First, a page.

Content syndication is the practice of online news sites, magazines and blogs republishing content across a range of websites. Which understandably can cause a wave of panic among content marketers, PRs and clients. It’s not unusual for people to worry that syndicating content will cause duplicate content issues, and fear a Google penalty.
There’s some logic behind this idea, as duplicating content across domains can be a ‘spammy’ tactic, but in this post I’ll explain through the theory behind it, Google’s own stance, and the benefits it can bring to your business.
Working in PR and logging coverage, we know that when an article appears in one regional media, it’s likely to also appear in multiple publications. This is known as content syndication.
The official definition is where web-based content is re-published by a third-party website. Any kind of content can be syndicated, including blog posts, videos, articles, and more.
Some of the biggest sites syndicate their content. Reach PLC, Reuters, Yahoo, Associated Press and others regularly publish content across many media titles, and PRs up and down the country strive for the coverage to hit these regional publications.
As long as the syndicated coverage and links are from high authority publishers, are relevant, and provide traffic, it is a superb way to build authority.
Here’s a recent example of syndicated content. We produced a relatable, timely, informative story for Gardening Express titled Locked-down Brits could face fines for picking wildflowers on a daily walk.
The amazing thing with this, is that it can be done from one effective story at 500 words, and one strong email pitch, which in my opinion is a pretty good ROI.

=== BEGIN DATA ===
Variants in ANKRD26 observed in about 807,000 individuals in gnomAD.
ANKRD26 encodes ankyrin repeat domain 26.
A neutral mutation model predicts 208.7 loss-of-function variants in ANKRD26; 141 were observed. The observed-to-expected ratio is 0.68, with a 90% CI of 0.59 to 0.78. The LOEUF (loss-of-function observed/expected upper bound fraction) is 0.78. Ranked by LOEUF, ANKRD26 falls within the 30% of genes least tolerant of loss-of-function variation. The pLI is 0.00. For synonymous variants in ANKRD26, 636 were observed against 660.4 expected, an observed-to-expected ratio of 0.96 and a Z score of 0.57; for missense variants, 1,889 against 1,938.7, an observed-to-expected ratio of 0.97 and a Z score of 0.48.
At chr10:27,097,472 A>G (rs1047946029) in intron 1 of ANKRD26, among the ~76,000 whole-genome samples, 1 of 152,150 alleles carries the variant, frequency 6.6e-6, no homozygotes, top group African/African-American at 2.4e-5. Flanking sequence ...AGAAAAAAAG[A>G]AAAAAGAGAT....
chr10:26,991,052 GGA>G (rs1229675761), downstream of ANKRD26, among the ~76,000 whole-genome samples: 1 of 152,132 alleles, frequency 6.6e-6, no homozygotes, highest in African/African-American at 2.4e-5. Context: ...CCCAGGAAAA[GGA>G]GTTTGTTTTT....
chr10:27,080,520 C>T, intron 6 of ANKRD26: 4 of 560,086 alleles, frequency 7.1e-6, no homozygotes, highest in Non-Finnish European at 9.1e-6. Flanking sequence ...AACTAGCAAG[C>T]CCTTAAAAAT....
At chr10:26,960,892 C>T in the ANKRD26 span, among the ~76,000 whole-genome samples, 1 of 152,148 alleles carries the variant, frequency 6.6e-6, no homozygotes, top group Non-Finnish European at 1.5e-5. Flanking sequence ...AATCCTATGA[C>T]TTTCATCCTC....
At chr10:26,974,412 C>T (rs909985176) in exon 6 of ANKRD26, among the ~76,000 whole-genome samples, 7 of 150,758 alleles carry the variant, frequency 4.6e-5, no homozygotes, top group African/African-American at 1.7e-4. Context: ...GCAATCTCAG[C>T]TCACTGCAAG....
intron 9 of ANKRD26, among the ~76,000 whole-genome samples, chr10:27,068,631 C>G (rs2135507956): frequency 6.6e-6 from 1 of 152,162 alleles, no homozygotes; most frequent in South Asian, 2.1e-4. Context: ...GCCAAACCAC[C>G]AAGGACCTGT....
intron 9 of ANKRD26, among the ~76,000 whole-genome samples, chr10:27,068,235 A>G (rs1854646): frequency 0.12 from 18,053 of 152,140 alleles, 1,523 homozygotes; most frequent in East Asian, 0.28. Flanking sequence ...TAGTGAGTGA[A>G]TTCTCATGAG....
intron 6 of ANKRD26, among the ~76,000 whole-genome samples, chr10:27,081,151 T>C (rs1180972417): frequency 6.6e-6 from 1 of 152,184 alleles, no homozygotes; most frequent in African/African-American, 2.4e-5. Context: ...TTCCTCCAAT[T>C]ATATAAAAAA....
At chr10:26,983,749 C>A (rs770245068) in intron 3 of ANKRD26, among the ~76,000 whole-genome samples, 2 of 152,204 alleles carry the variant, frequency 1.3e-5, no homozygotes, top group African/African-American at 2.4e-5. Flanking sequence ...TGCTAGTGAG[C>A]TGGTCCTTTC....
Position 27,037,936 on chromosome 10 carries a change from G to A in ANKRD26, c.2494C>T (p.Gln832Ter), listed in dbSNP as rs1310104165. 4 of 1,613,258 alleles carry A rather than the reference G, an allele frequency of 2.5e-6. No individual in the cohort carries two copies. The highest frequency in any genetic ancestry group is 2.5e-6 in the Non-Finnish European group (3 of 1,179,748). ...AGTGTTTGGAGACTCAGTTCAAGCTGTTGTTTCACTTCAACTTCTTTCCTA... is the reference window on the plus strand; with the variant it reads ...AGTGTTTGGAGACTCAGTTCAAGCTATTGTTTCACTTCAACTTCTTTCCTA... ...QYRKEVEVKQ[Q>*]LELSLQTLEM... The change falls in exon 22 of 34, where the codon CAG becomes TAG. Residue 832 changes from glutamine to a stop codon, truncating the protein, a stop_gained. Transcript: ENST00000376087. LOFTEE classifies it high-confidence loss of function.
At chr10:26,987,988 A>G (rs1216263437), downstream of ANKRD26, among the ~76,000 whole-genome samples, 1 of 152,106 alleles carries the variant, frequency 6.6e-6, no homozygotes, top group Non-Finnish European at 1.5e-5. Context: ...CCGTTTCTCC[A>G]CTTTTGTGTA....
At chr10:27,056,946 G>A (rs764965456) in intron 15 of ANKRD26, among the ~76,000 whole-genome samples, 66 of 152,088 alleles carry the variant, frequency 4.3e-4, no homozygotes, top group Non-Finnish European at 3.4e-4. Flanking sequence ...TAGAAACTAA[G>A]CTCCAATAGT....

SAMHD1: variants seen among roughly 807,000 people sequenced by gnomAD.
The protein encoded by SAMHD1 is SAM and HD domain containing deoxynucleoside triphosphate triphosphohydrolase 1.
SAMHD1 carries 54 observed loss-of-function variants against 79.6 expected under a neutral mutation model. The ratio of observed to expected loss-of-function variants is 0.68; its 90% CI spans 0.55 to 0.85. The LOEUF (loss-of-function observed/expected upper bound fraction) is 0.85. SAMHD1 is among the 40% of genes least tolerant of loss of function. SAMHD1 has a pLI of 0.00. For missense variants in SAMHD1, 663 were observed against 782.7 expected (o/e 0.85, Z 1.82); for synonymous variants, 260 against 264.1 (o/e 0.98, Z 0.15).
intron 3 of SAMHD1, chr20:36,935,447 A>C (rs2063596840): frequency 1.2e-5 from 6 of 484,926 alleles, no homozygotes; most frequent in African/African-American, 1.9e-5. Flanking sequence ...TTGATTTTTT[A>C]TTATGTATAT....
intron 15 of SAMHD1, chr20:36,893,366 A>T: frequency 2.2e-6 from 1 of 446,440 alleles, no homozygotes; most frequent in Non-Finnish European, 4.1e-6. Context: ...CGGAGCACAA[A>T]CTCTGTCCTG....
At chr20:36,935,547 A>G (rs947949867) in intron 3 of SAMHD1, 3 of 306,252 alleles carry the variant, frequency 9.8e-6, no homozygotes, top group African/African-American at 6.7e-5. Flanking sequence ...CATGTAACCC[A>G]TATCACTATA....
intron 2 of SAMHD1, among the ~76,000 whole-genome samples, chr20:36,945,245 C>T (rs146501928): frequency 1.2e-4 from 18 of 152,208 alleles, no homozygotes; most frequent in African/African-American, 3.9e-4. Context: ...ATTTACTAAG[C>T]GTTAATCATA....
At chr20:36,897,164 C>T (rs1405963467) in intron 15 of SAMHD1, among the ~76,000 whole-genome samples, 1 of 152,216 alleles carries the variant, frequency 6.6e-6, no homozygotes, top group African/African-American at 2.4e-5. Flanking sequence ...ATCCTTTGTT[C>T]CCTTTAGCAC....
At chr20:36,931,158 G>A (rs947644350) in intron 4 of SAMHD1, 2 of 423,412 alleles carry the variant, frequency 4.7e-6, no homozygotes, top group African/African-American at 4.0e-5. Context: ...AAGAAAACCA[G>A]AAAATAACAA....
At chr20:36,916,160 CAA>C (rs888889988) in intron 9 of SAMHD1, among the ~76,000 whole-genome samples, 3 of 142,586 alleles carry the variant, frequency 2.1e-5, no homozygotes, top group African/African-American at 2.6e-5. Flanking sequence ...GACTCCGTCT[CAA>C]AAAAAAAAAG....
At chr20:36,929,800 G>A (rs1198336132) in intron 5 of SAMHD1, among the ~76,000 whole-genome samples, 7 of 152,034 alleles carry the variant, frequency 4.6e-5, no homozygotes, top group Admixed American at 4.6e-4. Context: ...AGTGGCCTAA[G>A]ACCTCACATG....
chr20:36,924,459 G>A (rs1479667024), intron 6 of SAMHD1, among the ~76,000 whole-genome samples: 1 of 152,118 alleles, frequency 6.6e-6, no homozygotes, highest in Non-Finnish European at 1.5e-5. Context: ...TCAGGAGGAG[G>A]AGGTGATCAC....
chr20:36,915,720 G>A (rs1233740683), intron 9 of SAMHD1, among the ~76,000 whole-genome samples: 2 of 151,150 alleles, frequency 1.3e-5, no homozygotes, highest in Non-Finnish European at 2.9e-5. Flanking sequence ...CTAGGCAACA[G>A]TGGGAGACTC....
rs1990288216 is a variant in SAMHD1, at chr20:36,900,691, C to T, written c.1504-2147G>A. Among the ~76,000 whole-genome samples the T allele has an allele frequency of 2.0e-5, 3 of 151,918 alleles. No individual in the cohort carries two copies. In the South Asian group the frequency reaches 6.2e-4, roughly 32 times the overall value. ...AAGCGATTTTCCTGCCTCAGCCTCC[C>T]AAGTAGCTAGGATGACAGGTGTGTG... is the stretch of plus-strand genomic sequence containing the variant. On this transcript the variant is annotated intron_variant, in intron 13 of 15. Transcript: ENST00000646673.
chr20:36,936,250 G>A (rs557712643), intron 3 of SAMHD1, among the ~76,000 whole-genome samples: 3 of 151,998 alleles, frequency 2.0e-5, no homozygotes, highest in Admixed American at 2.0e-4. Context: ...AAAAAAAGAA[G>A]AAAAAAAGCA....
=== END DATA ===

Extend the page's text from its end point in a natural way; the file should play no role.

Benefits of content syndication
Receive quality links back to your site
My advice is to link your brand or your client in every story, as branded links are easiest to acquire as they are the most natural. But hitting mass link totals across syndicated content can be a bit of a lottery, to be honest. Some leave the links in and some take them out. Either way, as previously outlined, there are additional benefits to this coverage outside of links.
Increased website authority
You might well get links from the syndicated coverage, but there should be no real worries if not. It’s also worth mentioning that Google considers unlinked brand mentions as “implied” links. They may not offer as many benefits as follow links, but they certainly count.
Google can contextualise the brand mentions in high-quality content, and Google Webmaster Trends Analyst at Google Gary Illyes said “If you publish high-quality content that is highly cited on the internet — and I’m not talking about just links, but also mentions on social networks and people talking about your branding, crap like that. Then you are doing great.”
More recently as of March 1st 2020, Google started treating the “NoFollow” attribute as a hint for indexing and crawling. We don't know if Google has been using them as hints all along or if there will be any massive change that will be measurable, but what we do know is that they want us to use nofollow attributes as best practices.
All this contributes to the authority of your website.
Links = referral traffic.
Links also = link equity (juice).
The links acquired can offer referral traffic directly from the coverage, but also the links are like a vote of confidence in your website from Google, so it will support your organic performance and contribute towards increased traffic.
Increased online presence
If you are cited and published online on a regular basis, it naturally makes your brand become more visible and accessible digitally. You will reach a wider audience as syndicating your content to authoritative sites with large audiences helps your brand and content gain exposure with larger audiences than you might usually have access to.
The success and clicks come from the strength of content, as good content gives you good engagement, creating valuable opportunities to target new audiences and demographics.